White Honor, Black Lives: North Carolina Courts and the Insolence Defense

Posted: June 18, 2007 in africans, America, American History, American South, History, insolence, Me, my life, North Carolina, North Carolina Courts, North Carolina History, prejudice, race, slave, Slave Trade, slavery, South, Southern History, Southerners

Here are some excerpts from a graduate level paper I wrote a few years ago. The first part is merely restating the position of other scholars (proving I understood their work), the second part is my original work in reviewing and analyzing several North Carolina Supreme Court decisions regarding slaves, free blacks, white men, white women, and the theme that tied it all together- honor.

Here are a few excerpts. The full paper can be found in Word format file linked at the bottom of this post. Citations have been omitted from this posting and can be found in the complete paper provided below.

Why couldn’t slaves possess honor?

Four reasons explain the perception of slaves as beings without honor. First, plantation life led many whites to view blacks as hopelessly depraved and indifferent to correction. Second, laws enacted by the legislature created a wall that kept slaves from acquiring the ability to meet the requirements of the duel and honor. Third, “scientific” literature on race fed into white beliefs that blacks lacked the capacity of bearing honor, from their flat noses to their skin color. Lastly, the peculiar institution required total submission from slaves. If slaves had been granted honor it would have required the reciprocal ability to defend that honor— an ability that would have proved dangerous to the system itself.

An interesting quote:

A free man, who hath been taught from his infancy to look for humility and obedience in a slave, and who feels every moment of his life the vast superiority that he has over him, early learns that tamely to submit to words of reproach from a slave is degrading to the last degree, and that a blow, even the slightest, is the greatest dishonor. At such an insult, therefore, his passions are inflamed to the utmost pitch; and if, in such a state, he slay the offender, he has a right to claim the benefit of that rule which regards mercifully the frailty and infirmity of human nature. If any precise rule could be laid down, I would say that a word from a slave was a provocation equal to a blow from a free man; and the most trifling assault, to a deadly stroke.” State v. Tackett, 8 N.C. 210, 217-218. [Emphasis added].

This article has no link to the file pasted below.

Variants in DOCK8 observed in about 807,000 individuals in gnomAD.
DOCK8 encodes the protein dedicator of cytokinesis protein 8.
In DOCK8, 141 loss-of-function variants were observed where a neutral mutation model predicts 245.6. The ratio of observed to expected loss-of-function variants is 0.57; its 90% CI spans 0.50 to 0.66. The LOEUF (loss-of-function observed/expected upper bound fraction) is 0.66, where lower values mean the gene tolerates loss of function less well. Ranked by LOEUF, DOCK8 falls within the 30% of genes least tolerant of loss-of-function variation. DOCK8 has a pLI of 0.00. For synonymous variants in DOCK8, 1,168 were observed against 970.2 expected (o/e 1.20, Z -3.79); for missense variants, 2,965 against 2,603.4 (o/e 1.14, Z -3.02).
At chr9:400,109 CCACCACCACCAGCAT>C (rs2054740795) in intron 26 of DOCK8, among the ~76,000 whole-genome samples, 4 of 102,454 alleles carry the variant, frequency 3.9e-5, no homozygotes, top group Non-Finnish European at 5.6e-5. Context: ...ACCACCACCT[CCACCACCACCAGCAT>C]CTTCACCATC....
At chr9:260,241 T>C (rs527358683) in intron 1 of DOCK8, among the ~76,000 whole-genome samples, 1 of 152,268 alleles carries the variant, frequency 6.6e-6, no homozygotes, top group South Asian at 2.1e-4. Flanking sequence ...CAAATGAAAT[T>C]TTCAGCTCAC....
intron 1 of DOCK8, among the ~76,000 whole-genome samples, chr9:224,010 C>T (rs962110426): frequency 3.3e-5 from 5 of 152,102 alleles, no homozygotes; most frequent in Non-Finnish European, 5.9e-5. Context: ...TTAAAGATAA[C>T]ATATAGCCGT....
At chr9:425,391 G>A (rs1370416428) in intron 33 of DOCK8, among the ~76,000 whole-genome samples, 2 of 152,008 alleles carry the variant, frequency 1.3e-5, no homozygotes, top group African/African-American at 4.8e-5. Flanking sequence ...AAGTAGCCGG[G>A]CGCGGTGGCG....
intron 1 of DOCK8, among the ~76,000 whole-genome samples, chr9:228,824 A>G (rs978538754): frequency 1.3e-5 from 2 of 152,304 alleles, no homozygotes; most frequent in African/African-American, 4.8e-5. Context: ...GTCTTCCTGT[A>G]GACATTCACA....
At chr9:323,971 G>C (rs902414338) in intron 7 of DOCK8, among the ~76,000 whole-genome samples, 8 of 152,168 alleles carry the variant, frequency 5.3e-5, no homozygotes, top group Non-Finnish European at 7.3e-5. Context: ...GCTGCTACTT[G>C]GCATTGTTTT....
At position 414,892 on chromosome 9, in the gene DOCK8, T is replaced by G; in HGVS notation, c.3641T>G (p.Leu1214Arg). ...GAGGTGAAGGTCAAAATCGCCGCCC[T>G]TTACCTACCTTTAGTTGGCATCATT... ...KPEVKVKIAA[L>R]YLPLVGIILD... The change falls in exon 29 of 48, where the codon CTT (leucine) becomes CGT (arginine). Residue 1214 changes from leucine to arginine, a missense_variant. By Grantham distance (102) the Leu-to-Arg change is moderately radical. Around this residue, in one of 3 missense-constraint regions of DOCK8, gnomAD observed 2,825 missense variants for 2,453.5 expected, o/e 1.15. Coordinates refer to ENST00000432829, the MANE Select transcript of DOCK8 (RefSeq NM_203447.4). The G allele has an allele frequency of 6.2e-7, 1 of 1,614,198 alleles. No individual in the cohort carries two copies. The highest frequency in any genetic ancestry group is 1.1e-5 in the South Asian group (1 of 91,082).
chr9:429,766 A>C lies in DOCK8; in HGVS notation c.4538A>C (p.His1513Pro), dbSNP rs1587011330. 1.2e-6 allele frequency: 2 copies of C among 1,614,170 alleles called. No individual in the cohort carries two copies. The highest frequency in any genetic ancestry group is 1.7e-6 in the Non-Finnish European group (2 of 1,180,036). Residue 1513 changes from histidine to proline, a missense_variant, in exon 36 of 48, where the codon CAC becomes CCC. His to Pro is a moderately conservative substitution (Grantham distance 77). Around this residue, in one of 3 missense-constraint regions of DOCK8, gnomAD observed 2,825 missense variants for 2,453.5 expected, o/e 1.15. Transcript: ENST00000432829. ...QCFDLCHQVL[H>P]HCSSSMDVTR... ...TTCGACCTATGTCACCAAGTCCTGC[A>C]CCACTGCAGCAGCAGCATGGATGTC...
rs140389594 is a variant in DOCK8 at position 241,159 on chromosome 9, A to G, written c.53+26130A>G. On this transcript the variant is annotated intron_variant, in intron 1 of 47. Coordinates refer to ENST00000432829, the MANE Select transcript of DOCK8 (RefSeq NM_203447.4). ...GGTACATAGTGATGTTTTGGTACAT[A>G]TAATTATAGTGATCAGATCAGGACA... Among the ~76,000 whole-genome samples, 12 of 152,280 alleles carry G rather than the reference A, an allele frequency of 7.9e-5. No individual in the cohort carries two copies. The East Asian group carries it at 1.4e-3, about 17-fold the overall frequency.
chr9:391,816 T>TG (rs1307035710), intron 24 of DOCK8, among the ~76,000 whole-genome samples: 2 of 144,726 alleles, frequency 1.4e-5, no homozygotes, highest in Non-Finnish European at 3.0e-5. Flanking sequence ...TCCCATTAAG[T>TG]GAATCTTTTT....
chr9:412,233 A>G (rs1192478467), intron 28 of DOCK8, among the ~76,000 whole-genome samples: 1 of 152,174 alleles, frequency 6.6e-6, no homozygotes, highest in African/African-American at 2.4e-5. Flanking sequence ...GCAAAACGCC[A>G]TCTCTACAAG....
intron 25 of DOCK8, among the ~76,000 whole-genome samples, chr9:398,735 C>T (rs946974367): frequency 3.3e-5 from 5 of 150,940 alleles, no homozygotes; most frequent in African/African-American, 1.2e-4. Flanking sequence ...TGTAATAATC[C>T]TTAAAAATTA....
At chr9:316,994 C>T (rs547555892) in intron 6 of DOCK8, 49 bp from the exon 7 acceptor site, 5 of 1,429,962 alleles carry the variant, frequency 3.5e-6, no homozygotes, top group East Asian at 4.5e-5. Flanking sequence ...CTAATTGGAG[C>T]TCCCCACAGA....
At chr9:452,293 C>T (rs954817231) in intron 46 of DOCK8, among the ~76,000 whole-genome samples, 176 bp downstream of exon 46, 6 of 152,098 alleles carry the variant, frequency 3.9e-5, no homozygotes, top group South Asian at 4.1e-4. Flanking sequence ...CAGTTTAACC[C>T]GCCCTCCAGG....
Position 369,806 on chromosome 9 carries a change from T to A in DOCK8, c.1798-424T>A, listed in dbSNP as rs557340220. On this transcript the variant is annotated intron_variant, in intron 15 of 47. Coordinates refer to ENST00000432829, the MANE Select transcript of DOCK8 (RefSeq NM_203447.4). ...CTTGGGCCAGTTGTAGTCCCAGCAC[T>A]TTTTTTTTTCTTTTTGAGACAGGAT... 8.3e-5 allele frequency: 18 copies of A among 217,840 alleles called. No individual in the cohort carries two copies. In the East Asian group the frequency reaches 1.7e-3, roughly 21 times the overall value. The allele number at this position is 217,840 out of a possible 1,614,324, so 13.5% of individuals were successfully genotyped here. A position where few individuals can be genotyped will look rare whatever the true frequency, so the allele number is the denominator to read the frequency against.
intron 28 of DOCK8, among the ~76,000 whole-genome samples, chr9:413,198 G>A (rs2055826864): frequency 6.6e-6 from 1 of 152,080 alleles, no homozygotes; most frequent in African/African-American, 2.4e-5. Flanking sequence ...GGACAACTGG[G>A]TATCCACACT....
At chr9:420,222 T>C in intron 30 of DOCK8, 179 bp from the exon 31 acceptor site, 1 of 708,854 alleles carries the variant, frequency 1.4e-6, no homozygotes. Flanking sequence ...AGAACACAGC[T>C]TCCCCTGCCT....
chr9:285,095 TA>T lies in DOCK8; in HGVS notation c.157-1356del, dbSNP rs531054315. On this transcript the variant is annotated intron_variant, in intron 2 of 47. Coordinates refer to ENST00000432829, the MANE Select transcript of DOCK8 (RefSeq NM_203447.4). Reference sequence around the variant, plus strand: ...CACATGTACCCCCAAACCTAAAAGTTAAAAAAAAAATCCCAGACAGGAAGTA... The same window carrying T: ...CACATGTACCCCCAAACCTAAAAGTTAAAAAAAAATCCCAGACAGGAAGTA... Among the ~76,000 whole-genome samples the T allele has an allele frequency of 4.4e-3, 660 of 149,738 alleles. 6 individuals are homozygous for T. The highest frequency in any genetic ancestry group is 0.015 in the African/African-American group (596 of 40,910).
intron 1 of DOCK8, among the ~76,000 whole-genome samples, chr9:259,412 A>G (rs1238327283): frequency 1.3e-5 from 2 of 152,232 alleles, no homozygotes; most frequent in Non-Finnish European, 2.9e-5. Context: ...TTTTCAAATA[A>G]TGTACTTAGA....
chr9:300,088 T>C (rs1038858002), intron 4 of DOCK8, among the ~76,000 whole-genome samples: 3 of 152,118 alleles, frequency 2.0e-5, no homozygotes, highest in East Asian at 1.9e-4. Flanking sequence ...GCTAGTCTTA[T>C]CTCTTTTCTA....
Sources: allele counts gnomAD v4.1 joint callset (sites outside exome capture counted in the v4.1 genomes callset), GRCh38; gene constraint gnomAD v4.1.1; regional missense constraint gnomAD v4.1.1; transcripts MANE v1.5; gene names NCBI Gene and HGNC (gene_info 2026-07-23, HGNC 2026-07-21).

An odd obsession with the nose?
But what of the African’s nose? Greenberg’s work provides scholars an idea of the importance of this one facial feature to the ante-bellum white Southerner. Greenberg quotes an ante-bellum writer that “no organ of the body is so characteristic as the nose.” He suggests that “the community seemed to regard the nose as a sacred object,” an object that according to racial scientists never differed between Negroes in its flatness and lack of distinction. One of these scientists even devotes several pages to refuting that the Negroes flat nose is due to environment more than nature. He concluded, “Flat nose[s] are congenital, not artificial.” To the Southern reader associated with the meaning of a prominent and aquiline nose, this would serve to confirm the belief in the inferiority of the character of blacks. This is reflected in a review of Campbell’s book commenting on the argument for a environmentally flattened nose, “one would imagine that thumps violent enough to flatten its poor little nose, must keep the juvenile martyr in a state of constant depletion from that important organ.”

To read the whole paper click below. [white_honor_black_lives.doc ] .

This paper isn’t the final draft- as said draft was lost in a hard drive crash. So there are numerous correction still required.


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